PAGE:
Using the atlas to extract MTR in white matter#

Now that the atlas has been warped to the MT space, it can be used to extract MTR for specific white matter regions. First, we will extract MTR for the white matter as a whole.

sct_extract_metric -i mtr.nii.gz -f label/atlas -method map -l 51 -o mtr_in_wm.csv
Input arguments:
  • -i : Image to extract values from.

  • -f : File or folder used to pick out specific regions from the input image. In this case, we supply the folder of the white matter atlas that was transformed to the space of the MTR data.

  • -method : We specify map to choose the Maximum a Posteriori method, which helps to account for the partial volume effect. This method is most suitable for small regions. This method should only be used with the PAM50 white/gray matter atlas (or with any custom atlas) as long as the sum across all overlapping labels equals 1 in each voxel part of the atlas.

  • -l : The IDs of the label (or group of labels) to compute metrics for. In this case, label 51 is a combined label that represents all of the WM tracts together. You can see the full list of labels to choose from by running sct_extract_metric -list-labels.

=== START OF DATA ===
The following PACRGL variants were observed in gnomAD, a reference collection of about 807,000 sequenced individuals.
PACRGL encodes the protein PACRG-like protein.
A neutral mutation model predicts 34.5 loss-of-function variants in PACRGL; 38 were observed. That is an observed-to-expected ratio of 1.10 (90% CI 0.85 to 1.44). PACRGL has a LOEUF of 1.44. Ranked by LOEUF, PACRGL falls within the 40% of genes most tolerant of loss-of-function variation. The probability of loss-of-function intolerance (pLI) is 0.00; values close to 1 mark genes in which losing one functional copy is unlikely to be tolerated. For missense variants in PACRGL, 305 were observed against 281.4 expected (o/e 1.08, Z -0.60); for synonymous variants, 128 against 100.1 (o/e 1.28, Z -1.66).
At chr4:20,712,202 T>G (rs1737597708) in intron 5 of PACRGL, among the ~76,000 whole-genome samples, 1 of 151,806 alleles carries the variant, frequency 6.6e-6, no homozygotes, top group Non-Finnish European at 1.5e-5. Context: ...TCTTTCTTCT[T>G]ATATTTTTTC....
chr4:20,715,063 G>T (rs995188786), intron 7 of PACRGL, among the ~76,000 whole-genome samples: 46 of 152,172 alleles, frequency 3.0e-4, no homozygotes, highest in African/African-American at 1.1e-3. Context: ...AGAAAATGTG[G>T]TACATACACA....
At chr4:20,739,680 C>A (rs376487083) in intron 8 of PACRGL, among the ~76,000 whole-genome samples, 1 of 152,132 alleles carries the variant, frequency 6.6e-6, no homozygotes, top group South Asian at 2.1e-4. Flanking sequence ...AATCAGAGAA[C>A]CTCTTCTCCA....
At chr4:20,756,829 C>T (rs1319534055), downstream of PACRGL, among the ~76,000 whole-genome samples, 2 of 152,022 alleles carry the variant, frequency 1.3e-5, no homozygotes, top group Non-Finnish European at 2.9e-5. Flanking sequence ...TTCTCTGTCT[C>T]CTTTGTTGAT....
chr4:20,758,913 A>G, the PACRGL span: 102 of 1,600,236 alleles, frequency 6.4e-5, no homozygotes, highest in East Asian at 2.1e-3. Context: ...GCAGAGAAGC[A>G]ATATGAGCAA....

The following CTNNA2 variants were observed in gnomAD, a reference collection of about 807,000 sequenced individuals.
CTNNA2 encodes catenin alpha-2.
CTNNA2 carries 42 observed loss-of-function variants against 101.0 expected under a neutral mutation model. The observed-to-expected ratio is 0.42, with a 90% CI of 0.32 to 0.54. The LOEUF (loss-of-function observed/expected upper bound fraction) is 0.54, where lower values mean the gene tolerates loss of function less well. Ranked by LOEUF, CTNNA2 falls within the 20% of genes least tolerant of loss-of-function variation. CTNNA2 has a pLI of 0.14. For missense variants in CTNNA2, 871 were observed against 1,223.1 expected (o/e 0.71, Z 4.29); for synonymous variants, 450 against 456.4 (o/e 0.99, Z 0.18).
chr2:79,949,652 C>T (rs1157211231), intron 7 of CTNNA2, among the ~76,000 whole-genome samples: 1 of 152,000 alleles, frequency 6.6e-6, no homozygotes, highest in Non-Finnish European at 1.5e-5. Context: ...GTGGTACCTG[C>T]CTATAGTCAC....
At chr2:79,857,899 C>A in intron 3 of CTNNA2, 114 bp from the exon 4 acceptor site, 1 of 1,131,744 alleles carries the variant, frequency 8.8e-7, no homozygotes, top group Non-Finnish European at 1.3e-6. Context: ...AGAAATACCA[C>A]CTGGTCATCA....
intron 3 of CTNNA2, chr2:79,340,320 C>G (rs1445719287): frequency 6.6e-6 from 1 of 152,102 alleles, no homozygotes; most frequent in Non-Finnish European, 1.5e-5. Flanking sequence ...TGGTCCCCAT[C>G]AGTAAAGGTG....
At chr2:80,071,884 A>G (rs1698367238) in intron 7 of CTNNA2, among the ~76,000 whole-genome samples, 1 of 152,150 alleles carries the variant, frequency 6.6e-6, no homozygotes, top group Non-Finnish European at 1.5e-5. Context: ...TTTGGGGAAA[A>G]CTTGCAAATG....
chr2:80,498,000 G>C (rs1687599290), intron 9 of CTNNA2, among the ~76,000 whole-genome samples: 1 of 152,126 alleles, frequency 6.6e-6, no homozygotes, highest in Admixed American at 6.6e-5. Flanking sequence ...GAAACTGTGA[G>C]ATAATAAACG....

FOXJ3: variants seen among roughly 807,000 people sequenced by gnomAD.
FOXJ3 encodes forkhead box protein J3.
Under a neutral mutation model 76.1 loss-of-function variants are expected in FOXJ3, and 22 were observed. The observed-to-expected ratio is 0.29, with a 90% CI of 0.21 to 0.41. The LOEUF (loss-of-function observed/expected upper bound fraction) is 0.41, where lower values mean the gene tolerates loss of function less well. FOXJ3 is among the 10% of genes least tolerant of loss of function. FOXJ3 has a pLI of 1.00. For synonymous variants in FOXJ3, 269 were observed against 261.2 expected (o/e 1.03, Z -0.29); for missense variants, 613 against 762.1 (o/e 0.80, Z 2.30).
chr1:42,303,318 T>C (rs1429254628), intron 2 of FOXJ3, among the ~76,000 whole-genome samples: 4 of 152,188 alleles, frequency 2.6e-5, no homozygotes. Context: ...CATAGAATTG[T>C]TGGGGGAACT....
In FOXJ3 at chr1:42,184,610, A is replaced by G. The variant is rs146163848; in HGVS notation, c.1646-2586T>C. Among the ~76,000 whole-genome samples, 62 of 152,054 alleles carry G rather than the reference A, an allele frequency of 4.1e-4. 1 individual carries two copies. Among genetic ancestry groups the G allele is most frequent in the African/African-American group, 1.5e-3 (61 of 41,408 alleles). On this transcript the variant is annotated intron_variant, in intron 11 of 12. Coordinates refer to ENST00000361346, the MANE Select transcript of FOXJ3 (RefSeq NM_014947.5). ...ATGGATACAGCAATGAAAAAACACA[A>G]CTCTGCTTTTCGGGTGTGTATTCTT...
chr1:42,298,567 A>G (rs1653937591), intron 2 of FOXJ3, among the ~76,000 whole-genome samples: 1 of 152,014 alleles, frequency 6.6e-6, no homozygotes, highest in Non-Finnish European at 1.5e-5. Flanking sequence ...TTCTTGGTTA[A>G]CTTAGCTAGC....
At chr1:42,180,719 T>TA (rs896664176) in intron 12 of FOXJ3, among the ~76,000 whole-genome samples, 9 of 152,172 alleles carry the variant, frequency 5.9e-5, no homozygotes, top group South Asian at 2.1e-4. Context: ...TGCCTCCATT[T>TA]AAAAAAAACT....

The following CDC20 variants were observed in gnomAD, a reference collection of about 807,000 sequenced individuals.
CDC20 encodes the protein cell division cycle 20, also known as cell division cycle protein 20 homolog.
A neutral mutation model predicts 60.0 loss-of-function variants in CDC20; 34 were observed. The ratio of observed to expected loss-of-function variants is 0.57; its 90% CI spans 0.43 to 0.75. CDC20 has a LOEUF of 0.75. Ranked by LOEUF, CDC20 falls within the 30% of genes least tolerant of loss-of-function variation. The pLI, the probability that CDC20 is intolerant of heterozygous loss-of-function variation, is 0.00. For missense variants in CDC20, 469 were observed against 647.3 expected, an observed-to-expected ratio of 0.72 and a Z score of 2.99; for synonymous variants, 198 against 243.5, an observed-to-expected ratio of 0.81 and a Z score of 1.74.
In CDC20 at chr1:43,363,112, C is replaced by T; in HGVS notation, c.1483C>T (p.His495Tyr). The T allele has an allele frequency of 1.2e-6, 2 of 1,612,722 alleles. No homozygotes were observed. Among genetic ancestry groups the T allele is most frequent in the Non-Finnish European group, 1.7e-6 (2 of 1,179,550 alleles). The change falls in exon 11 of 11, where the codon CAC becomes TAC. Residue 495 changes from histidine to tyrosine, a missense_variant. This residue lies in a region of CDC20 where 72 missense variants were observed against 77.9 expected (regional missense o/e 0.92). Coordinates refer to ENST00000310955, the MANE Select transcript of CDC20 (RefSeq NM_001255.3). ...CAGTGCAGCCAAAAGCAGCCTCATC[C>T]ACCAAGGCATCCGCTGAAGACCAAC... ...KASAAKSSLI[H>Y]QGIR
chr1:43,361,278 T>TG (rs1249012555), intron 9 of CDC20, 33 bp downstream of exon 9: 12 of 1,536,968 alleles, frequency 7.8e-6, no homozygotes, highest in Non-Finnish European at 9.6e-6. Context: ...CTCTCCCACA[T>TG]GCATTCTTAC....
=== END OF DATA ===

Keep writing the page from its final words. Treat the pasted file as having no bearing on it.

• -o : The name of the output file.

mtr_in_wm.csv: MTR values in white matter#

Slice (I->S)

Label

Size [vox]

MAP()

STD()

0

white matter

0

None

None

1

white matter

48.128699333405

56.7691774857722

7.13099896095076

2

white matter

63.3587044639798

41.9298789113495

5.4096594947144

3

white matter

58.324215639338

55.8216325391571

4.36523840112145

4

white matter

66.8988296465732

52.8017466468748

4.69537815140102

5

white matter

72.5729277595079

53.2903651621953

5.32202535964913

6

white matter

74.921209288943

52.9356588028125

4.66731745304554

20

white matter

72.8836498521706

62.0087038623367

5.50098090540239

21

white matter

0

None

None

The label volume fraction is indicated as “Size [vox]”, which gives you a sense of the reliability of the measure. In this example, for each slice, the metric was computed based on 50-70 voxels. As demonstrated in [De Leener et al., Neuroimage 2017; Appendix], having at least 30 voxels results in an error smaller than 2%, while having at least 240 voxels results in an error smaller than 1% (assuming an SNR of 10).

Warning

Be careful to always check the associated volume fraction of your metrics (indicated by the Size [vox] column). This is especially relevant if you are restricting the metric computation to a subset of vertebral levels or axial slices; if the number of voxels included in the computation is too low, your quantifications will be unreliable. If you publish, we recommend including the volume fraction associated with all estimated metrics.